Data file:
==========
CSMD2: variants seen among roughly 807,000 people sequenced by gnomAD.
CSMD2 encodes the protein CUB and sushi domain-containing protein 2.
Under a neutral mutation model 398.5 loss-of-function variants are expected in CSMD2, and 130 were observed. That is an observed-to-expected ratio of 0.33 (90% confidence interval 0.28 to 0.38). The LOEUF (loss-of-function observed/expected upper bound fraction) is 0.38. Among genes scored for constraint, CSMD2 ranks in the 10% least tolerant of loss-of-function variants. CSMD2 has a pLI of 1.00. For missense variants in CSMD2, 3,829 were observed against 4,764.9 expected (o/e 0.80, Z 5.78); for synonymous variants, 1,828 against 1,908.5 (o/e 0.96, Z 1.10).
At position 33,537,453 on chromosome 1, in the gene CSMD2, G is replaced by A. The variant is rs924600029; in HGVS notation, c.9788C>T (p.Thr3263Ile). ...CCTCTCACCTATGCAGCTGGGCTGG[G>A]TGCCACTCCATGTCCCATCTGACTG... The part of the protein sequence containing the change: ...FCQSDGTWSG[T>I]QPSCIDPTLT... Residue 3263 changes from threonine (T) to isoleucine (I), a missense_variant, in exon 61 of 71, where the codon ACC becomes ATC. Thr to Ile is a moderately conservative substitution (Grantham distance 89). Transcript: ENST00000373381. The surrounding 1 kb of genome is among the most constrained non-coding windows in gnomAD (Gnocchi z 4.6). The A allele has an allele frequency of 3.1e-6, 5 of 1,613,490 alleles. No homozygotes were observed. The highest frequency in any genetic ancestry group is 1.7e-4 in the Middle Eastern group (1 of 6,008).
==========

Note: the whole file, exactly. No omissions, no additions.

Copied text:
CSMD2: variants seen among roughly 807,000 people sequenced by gnomAD.
CSMD2 encodes the protein CUB and sushi domain-containing protein 2.
Under a neutral mutation model 398.5 loss-of-function variants are expected in CSMD2, and 130 were observed. That is an observed-to-expected ratio of 0.33 (90% confidence interval 0.28 to 0.38). The LOEUF (loss-of-function observed/expected upper bound fraction) is 0.38. Among genes scored for constraint, CSMD2 ranks in the 10% least tolerant of loss-of-function variants. CSMD2 has a pLI of 1.00. For missense variants in CSMD2, 3,829 were observed against 4,764.9 expected (o/e 0.80, Z 5.78); for synonymous variants, 1,828 against 1,908.5 (o/e 0.96, Z 1.10).
At position 33,537,453 on chromosome 1, in the gene CSMD2, G is replaced by A. The variant is rs924600029; in HGVS notation, c.9788C>T (p.Thr3263Ile). ...CCTCTCACCTATGCAGCTGGGCTGG[G>A]TGCCACTCCATGTCCCATCTGACTG... The part of the protein sequence containing the change: ...FCQSDGTWSG[T>I]QPSCIDPTLT... Residue 3263 changes from threonine (T) to isoleucine (I), a missense_variant, in exon 61 of 71, where the codon ACC becomes ATC. Thr to Ile is a moderately conservative substitution (Grantham distance 89). Transcript: ENST00000373381. The surrounding 1 kb of genome is among the most constrained non-coding windows in gnomAD (Gnocchi z 4.6). The A allele has an allele frequency of 3.1e-6, 5 of 1,613,490 alleles. No homozygotes were observed. The highest frequency in any genetic ancestry group is 1.7e-4 in the Middle Eastern group (1 of 6,008).